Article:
RE: [selector-profiles] confusion

> ...which is? I thought existing
> selectors are very fast anyway
> so any additional optimization
> is premature optimization.

The selectors themselves may be cheap, but the fact a selector starts to apply can actually trigger heavy operations like a relayout and a repainting of part of the document. There are some operations that are not actually critical for the document that you may allow the browser not to perform every frame to improve performance-critical operations like scrolling or zooming. 

That can be especially important for infinite scrolling use cases where some selectors could for example update the rendering of already-existing sibling elements via a sibling selector (... ~ ...) and slow down the scrolling experience while the said elements are actually being put out-of-view very quickly thereafter (and that the browser may actually want to delay that expensive rendering to the time they will be in view again).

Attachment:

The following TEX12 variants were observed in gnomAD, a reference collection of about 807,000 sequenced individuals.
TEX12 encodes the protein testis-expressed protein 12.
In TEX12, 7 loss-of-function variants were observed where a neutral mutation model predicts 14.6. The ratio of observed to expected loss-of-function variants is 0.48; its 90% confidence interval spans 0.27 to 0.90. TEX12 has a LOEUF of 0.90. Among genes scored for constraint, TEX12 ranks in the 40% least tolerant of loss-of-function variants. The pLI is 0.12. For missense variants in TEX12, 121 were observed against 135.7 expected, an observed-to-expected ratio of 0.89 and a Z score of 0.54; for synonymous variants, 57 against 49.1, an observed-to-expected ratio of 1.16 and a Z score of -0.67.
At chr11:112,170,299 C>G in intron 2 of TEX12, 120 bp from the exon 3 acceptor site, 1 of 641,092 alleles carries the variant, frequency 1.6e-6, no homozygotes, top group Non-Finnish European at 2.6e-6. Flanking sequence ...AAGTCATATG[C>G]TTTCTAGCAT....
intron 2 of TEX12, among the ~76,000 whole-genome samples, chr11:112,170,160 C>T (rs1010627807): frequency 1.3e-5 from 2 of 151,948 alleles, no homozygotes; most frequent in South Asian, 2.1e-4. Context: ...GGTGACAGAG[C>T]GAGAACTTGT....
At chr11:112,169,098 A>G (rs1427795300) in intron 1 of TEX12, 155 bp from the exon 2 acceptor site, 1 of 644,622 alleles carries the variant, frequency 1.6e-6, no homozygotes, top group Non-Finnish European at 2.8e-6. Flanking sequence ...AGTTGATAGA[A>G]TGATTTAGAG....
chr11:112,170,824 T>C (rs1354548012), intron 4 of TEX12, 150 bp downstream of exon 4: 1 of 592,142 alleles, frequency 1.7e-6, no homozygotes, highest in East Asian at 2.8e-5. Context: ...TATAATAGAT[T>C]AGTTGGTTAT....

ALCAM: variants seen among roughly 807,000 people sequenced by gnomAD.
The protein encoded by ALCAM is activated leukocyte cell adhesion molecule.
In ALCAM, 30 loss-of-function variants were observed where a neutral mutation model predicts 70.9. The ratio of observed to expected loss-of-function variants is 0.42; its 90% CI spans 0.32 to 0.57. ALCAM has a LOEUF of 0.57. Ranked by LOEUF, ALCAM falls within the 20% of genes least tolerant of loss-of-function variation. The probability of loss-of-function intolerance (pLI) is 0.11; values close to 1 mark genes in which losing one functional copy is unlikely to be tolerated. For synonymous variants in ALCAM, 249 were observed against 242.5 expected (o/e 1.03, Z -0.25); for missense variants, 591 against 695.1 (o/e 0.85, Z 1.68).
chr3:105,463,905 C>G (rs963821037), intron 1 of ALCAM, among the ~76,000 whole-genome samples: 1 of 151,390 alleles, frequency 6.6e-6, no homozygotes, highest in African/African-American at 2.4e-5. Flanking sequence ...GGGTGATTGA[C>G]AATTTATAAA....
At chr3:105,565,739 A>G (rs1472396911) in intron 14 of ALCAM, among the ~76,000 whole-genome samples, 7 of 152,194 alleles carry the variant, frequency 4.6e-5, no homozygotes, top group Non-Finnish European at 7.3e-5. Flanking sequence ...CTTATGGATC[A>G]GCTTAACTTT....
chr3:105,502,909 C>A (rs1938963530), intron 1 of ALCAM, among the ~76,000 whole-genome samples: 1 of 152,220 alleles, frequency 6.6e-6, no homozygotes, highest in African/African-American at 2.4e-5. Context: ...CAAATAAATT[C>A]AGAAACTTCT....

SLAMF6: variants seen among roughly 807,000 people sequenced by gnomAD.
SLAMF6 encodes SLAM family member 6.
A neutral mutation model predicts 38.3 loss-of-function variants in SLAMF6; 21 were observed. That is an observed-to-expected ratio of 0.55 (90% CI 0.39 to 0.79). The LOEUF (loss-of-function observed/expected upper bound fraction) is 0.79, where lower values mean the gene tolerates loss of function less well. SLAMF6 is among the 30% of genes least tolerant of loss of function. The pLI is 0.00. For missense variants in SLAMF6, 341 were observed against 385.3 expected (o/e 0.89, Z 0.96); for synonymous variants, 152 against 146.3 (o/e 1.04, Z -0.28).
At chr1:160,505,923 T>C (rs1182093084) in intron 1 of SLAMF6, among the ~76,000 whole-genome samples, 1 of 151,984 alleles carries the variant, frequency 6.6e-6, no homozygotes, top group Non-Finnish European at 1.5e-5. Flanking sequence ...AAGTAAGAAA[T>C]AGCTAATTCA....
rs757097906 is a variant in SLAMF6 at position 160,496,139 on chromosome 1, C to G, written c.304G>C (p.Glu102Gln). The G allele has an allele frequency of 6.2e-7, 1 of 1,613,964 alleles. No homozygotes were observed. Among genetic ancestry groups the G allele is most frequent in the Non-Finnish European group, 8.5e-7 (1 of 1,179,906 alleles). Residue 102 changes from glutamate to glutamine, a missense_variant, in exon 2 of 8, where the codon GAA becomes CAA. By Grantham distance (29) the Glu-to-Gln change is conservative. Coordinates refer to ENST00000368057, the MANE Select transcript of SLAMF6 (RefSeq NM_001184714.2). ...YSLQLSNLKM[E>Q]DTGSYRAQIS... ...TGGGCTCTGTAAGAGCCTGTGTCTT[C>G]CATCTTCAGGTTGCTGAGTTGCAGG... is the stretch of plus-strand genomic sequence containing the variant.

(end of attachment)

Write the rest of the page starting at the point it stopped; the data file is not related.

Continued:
You may for example check out [1] in the 'Unfortunate combination' section that explains how :hover and scrolling sometimes can make scrolling on lower-end devices laggy.

[1] So how can we stop this from happening? As it happens the fix is pretty simple to implement. The trick here is to attach a scroll
 handler that will disable hover effects and set a timer for enabling 
them again. That means we are guaranteeing that when you scroll we won't
 need to perform any expensive interaction paints. When you've stopped 
for long enough we figure it's safe to switch them back on again.

> In any case, if whatever mechanism
> we come up with applies to selectors
> in general, it should be done in a
> way that older browsers still apply
> these selectors (i.e. an @rule
> wouldn't be a good idea).

That's a good point. I've no idea how to get up to that, but it's worth exploring. 		 	   		  

Received on Thursday, 11 July 2013 18:55:53 UTC